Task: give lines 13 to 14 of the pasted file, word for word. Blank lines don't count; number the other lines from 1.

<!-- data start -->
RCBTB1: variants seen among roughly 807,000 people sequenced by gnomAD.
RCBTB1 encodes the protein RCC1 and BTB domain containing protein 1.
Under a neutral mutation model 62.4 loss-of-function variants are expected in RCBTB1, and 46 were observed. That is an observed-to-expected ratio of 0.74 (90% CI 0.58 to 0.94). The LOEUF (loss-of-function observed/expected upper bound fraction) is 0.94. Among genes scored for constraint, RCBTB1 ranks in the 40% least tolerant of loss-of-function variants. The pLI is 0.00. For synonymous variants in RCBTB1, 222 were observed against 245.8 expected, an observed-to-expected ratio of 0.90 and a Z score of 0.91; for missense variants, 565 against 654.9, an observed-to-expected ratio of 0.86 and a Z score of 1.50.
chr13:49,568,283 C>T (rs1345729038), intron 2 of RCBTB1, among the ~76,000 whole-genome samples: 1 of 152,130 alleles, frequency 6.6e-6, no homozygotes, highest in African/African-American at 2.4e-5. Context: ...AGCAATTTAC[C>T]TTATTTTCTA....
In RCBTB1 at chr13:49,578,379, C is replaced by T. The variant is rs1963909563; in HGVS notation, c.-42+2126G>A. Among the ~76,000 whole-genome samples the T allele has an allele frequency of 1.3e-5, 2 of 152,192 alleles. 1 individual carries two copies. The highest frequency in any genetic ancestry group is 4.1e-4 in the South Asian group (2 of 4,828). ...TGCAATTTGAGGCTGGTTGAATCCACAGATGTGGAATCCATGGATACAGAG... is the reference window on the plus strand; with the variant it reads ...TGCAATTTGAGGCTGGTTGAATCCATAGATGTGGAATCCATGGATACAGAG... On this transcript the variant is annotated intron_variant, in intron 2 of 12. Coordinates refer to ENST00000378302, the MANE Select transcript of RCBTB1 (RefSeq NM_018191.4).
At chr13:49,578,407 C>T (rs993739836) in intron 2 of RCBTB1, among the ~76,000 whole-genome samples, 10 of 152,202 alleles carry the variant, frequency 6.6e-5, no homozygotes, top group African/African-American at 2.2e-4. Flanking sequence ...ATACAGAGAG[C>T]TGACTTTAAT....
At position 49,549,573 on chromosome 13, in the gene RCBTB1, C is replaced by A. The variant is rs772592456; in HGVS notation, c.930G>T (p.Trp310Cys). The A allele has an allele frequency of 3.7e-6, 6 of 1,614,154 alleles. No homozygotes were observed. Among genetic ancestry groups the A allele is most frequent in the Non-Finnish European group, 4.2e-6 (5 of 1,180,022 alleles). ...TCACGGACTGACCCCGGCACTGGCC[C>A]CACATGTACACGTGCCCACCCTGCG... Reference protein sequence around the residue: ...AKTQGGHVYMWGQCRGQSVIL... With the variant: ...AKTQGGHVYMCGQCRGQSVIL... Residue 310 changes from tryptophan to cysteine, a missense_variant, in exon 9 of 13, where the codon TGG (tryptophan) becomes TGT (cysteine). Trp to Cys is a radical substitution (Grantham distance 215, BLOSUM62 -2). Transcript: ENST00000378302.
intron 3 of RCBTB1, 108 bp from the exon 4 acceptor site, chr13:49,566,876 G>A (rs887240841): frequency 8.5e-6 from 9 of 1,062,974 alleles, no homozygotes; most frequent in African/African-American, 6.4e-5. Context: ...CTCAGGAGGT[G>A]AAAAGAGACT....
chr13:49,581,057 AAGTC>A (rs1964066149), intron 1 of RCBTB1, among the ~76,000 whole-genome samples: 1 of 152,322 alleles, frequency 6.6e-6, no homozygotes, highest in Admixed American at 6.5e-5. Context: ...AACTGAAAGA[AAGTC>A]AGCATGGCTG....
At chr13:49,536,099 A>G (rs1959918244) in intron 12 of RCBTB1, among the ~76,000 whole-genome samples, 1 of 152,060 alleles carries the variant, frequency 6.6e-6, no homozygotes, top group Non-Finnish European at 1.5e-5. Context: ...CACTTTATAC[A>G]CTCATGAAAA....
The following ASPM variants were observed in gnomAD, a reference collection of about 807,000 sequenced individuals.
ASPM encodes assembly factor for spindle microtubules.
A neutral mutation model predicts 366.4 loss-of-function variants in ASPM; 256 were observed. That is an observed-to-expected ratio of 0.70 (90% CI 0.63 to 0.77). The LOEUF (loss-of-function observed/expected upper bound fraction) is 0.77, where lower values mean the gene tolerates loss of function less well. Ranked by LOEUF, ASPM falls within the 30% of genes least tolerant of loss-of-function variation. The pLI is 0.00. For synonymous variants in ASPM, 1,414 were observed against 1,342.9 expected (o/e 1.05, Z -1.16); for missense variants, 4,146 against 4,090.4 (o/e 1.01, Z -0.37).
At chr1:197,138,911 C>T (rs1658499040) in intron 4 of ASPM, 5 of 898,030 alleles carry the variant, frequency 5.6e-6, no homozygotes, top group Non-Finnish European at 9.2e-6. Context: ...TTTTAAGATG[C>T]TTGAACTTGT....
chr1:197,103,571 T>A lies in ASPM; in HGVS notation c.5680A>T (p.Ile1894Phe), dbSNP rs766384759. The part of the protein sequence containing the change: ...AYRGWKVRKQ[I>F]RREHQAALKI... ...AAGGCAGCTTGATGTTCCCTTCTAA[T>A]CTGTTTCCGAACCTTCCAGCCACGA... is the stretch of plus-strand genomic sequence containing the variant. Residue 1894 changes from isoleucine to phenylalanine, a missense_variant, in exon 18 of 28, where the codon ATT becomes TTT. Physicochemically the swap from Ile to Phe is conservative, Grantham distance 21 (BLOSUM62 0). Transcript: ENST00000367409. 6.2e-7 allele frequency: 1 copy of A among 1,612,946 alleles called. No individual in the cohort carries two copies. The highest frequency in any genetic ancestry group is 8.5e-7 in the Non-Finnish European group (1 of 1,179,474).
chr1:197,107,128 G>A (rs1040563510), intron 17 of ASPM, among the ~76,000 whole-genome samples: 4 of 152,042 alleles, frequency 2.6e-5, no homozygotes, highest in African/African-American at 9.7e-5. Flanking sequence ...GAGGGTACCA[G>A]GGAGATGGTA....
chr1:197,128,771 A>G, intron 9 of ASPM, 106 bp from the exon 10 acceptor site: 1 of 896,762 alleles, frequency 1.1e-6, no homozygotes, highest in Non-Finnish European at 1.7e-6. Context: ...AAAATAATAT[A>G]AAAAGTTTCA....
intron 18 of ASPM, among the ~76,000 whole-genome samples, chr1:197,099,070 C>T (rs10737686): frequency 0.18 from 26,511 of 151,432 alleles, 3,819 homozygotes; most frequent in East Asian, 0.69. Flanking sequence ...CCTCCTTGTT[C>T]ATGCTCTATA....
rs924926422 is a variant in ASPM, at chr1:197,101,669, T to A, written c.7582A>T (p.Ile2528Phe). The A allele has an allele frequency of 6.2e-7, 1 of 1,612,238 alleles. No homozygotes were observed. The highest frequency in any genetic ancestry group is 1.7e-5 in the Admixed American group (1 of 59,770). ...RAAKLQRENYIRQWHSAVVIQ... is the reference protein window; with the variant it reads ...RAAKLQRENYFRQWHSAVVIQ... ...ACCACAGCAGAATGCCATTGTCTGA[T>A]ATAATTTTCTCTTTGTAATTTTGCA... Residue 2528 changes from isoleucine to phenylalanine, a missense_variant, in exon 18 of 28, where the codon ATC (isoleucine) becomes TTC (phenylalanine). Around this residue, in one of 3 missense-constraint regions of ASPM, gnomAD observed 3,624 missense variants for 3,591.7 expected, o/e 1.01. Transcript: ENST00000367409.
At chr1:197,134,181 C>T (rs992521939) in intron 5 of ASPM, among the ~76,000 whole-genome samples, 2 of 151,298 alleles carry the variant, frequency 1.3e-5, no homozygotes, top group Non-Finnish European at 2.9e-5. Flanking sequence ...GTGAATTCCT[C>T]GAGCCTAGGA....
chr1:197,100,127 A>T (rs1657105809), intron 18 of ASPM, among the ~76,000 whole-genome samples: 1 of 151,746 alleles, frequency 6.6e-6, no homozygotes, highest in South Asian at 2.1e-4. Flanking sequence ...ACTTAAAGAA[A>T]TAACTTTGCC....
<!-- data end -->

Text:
A neutral mutation model predicts 366.4 loss-of-function variants in ASPM; 256 were observed. That is an observed-to-expected ratio of 0.70 (90% CI 0.63 to 0.77). The LOEUF (loss-of-function observed/expected upper bound fraction) is 0.77, where lower values mean the gene tolerates loss of function less well. Ranked by LOEUF, ASPM falls within the 30% of genes least tolerant of loss-of-function variation. The pLI is 0.00. For synonymous variants in ASPM, 1,414 were observed against 1,342.9 expected (o/e 1.05, Z -1.16); for missense variants, 4,146 against 4,090.4 (o/e 1.01, Z -0.37).
At chr1:197,138,911 C>T (rs1658499040) in intron 4 of ASPM, 5 of 898,030 alleles carry the variant, frequency 5.6e-6, no homozygotes, top group Non-Finnish European at 9.2e-6. Context: ...TTTTAAGATG[C>T]TTGAACTTGT....